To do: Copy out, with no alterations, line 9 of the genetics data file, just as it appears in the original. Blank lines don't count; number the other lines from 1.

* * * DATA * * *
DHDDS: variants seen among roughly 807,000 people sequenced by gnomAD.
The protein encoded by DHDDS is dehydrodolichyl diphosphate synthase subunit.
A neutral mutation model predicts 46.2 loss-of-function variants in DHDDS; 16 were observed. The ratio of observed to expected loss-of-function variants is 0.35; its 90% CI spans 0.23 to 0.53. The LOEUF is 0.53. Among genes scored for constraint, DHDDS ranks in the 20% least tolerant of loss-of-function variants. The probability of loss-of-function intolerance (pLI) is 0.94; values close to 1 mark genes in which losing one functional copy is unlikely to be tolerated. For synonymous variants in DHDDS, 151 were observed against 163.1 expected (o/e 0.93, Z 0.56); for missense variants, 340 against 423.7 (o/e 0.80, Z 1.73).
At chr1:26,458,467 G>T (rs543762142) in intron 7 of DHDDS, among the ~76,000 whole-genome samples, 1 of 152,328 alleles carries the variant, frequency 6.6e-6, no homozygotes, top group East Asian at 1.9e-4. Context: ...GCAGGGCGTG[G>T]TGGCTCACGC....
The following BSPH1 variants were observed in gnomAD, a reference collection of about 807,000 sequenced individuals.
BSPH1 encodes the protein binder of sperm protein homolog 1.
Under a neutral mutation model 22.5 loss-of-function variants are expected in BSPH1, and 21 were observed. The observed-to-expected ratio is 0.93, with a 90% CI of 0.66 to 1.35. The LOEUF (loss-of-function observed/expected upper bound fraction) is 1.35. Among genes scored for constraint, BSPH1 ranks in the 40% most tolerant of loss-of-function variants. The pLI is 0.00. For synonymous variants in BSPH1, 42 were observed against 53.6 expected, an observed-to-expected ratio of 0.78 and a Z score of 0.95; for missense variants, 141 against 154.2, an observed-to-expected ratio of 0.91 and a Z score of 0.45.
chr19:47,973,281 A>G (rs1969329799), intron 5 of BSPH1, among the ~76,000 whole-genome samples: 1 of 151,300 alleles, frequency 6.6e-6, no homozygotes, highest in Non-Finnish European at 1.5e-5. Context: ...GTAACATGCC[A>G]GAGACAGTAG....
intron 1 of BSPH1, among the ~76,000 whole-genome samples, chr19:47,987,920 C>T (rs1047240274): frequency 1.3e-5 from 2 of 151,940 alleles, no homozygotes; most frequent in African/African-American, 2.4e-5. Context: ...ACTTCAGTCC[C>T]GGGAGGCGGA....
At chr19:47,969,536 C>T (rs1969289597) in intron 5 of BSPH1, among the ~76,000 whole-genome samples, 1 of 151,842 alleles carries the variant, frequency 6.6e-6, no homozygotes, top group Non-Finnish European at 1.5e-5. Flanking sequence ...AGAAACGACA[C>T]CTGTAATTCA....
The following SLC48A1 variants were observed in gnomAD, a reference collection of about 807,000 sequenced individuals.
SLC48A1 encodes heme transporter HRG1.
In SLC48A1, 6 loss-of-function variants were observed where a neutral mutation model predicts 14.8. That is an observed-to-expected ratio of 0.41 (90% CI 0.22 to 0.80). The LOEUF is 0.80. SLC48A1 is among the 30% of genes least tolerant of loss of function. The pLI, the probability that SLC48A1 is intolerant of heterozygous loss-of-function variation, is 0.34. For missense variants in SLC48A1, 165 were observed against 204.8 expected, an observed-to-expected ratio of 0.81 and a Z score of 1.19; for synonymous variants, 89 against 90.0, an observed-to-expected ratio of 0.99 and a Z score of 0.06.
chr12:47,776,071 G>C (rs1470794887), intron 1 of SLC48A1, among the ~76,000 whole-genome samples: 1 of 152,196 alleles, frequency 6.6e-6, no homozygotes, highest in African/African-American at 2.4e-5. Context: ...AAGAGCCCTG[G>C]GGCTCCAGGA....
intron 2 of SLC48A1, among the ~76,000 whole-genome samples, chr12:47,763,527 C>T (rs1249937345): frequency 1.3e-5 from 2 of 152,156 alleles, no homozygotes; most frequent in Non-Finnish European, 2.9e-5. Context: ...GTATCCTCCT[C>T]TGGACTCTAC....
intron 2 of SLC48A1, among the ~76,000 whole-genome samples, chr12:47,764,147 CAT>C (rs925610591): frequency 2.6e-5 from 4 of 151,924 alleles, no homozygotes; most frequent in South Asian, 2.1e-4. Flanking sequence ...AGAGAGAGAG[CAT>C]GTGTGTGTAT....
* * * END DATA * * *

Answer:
intron 1 of BSPH1, among the ~76,000 whole-genome samples, chr19:47,987,920 C>T (rs1047240274): frequency 1.3e-5 from 2 of 151,940 alleles, no homozygotes; most frequent in African/African-American, 2.4e-5. Context: ...ACTTCAGTCC[C>T]GGGAGGCGGA....